Little relief from heat as pressure system lingers over region

SAN DIEGO (KUSI) — Temperatures across San Diego County will drop a degree or two Wednesday following a second straight day of record-breaking heat, but with the mercury still hitting triple digits, the slightly cooler weather "won’t be very noticeable," the National Weather Service said.

An excessive heat warning for most of the county is still in effect through Friday night, while the mountains and beaches are under a less-serious heat advisory during that same period. 

"Expect another hot one today," the NWS said, adding the weather could cool off even more Thursday — but still remain very hot — before getting hotter again Friday and through the weekend.

On Tuesday, Ramona hit 108 degrees, setting a new Aug. 29 heat record that was previously 105. The all-time record there is 111 degrees.

Other high temperatures included 117 in Ocotillo Wells, 114 in Borrego Springs, 108 in Valley Center, 106 in Alpine, 105 in Campo, 103 in Poway, 102 in El Cajon and Santee, 101 in Escondido and 100 in Fallbrook. Mt. Soledad, poking over the marine layer, hit 87 degrees, though the coastal communities under the marine layer stayed much cooler.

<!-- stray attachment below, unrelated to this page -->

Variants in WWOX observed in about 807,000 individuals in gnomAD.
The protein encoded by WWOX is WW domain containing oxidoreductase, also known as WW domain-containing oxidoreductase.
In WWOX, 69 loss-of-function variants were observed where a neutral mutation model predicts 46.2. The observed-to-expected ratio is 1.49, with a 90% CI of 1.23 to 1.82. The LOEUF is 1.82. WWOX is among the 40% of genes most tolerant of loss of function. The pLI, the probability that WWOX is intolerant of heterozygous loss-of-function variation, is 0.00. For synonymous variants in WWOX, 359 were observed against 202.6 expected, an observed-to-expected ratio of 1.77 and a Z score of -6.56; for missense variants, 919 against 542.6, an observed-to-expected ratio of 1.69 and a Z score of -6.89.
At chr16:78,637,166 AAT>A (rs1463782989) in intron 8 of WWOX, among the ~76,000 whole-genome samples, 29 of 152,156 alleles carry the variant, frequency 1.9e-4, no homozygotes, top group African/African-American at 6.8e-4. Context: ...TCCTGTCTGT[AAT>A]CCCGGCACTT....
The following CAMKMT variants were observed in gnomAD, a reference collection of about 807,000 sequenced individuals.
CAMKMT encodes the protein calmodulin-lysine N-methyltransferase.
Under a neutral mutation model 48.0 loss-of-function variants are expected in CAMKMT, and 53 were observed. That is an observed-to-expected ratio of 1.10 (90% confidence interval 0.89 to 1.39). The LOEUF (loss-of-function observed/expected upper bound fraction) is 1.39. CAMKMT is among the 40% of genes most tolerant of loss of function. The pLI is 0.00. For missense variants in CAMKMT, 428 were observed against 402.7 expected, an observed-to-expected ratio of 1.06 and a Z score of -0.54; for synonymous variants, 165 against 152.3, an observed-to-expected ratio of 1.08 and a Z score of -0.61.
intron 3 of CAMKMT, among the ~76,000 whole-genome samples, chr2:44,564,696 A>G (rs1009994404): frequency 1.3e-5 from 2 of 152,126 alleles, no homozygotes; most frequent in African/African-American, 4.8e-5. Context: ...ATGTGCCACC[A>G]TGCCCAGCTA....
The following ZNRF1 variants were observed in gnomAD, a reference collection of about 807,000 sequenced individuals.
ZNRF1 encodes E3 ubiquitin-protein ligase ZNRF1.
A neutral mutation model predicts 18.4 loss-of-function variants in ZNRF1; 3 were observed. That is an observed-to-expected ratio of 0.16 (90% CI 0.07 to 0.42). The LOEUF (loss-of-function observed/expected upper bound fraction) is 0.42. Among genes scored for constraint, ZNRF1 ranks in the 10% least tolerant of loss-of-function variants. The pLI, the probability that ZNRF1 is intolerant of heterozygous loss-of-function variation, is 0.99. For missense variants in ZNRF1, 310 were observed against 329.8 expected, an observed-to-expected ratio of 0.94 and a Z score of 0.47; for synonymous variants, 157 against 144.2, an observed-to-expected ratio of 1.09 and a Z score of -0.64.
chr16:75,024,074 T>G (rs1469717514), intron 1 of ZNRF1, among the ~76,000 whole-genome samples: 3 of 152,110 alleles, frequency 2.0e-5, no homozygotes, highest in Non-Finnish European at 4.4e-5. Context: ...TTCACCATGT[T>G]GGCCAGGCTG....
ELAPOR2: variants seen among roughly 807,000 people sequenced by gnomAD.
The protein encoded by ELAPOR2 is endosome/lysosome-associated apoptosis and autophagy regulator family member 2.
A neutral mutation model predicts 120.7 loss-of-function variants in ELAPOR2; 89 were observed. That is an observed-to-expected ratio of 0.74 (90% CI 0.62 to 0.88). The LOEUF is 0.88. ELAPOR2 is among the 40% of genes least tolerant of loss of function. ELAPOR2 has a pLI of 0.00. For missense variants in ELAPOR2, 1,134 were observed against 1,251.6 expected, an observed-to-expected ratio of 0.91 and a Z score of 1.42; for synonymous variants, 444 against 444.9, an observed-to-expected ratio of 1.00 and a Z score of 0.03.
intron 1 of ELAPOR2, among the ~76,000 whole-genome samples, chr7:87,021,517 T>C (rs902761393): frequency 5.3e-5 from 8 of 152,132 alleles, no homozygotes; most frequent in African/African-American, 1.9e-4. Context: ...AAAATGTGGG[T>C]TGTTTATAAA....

Meteorologists attribute the recent run of hot weather that began over the weekend to a "goliath" high-pressure system that moved south from northern Nevada, pushing heat toward the coast and squashing the marine layer. That system is "nearly stationary" now, bringing stifling hot weather to the entire Southwest.

High temperatures Wednesday will be 77 to 82 degrees at the beaches … 89 to 94 inland … 94 to 99 in the western valleys … 100 to 105 near the foothills … 96 to 102 in the mountains and 111 to 116 in the deserts.

The NWS reminded residents that during an excessive heat warning, "persons working outdoors or those without access to adequate air conditioning will be more likely to experience heat related illness, such as heat exhaustion. Some heat related illnesses are serious enough to require hospitalization and could become fatal if left untreated."

The weather service reminded residents to never leave kids or pets unattended in cars; drink more water than usual and avoid alcohol, sugar and caffeine; wear light-colored clothing and a wide-brimmed hat outdoors to keep cooler; and take frequent rest breaks in shaded or air conditioned environments. 

Categories: Local San Diego News